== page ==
Computational Image Analysis of T-Cell Infiltrates in Resectable Gastric Cancer: Association with Survival and Molecular Subtypes.
von Loga, K
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<h4>Background</h4>Gastric and gastro-esophageal junction cancers (GCs) frequently recur after resection, but markers to predict recurrence risk are missing. T-cell infiltrates have been validated as prognostic markers in other cancer types, but not in GC because of methodological limitations of past studies. We aimed to define and validate the prognostic role of major T-cell subtypes in GC by objective computational quantification.<h4>Methods</h4>Surgically resected chemotherapy-naïve GCs were split into discovery (n = 327) and validation (n = 147) cohorts. CD8 (cytotoxic), CD45RO (memory), and FOXP3 (regulatory) T-cell densities were measured through multicolor immunofluorescence and computational image analysis. Cancer-specific survival (CSS) was assessed. All statistical tests were two-sided.<h4>Results</h4>CD45RO-cell and FOXP3-cell densities statistically significantly predicted CSS in both cohorts. Stage, CD45RO-cell, and FOXP3-cell densities were independent predictors of CSS in multivariable analysis; mismatch repair (MMR) and Epstein-Barr virus (EBV) status were not statistically significant. Combining CD45RO-cell and FOXP3-cell densities into the Stomach Cancer Immune Score showed highly statistically significant (all P ≤ .002) CSS differences (0.9 years median CSS to not reached). T-cell infiltrates were highest in EBV-positive GCs and similar in MMR-deficient and MMR-proficient GCs.<h4>Conclusion</h4>The validation of CD45RO-cell and FOXP3-cell densities as prognostic markers in GC may guide personalized follow-up or (neo)adjuvant treatment strategies. Only those 20% of GCs with the highest T-cell infiltrates showed particularly good CSS, suggesting that a small subgroup of GCs is highly immunogenic. The potential for T-cell densities to predict immunotherapy responses should be assessed. The association of high FOXP3-cell densities with longer CSS warrants studies into the biology of regulatory T cells in GC.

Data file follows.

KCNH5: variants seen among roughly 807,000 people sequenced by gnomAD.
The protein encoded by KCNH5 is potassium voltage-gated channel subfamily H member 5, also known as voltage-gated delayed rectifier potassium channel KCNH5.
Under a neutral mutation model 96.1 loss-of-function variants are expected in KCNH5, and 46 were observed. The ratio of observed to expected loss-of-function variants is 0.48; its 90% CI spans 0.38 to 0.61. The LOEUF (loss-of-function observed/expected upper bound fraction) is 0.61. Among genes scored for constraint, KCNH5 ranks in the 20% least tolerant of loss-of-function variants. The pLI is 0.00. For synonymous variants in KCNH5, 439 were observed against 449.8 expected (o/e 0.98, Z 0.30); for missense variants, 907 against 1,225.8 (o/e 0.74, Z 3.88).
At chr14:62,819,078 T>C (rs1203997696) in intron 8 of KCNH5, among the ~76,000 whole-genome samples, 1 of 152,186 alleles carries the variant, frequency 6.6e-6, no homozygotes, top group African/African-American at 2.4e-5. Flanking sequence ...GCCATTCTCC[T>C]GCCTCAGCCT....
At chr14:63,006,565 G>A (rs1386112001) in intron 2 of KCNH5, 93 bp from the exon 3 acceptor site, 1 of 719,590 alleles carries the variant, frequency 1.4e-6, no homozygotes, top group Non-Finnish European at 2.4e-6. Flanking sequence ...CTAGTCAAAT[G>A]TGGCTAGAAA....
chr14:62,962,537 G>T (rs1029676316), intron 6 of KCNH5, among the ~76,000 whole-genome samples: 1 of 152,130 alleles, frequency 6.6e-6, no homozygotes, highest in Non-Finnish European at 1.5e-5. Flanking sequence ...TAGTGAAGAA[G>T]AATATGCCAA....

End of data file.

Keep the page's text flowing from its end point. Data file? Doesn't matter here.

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Gastrointestinal Cancers Clinical Trials
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Journal of the National Cancer Institute, 2021, 113 (1), pp. 88 - 98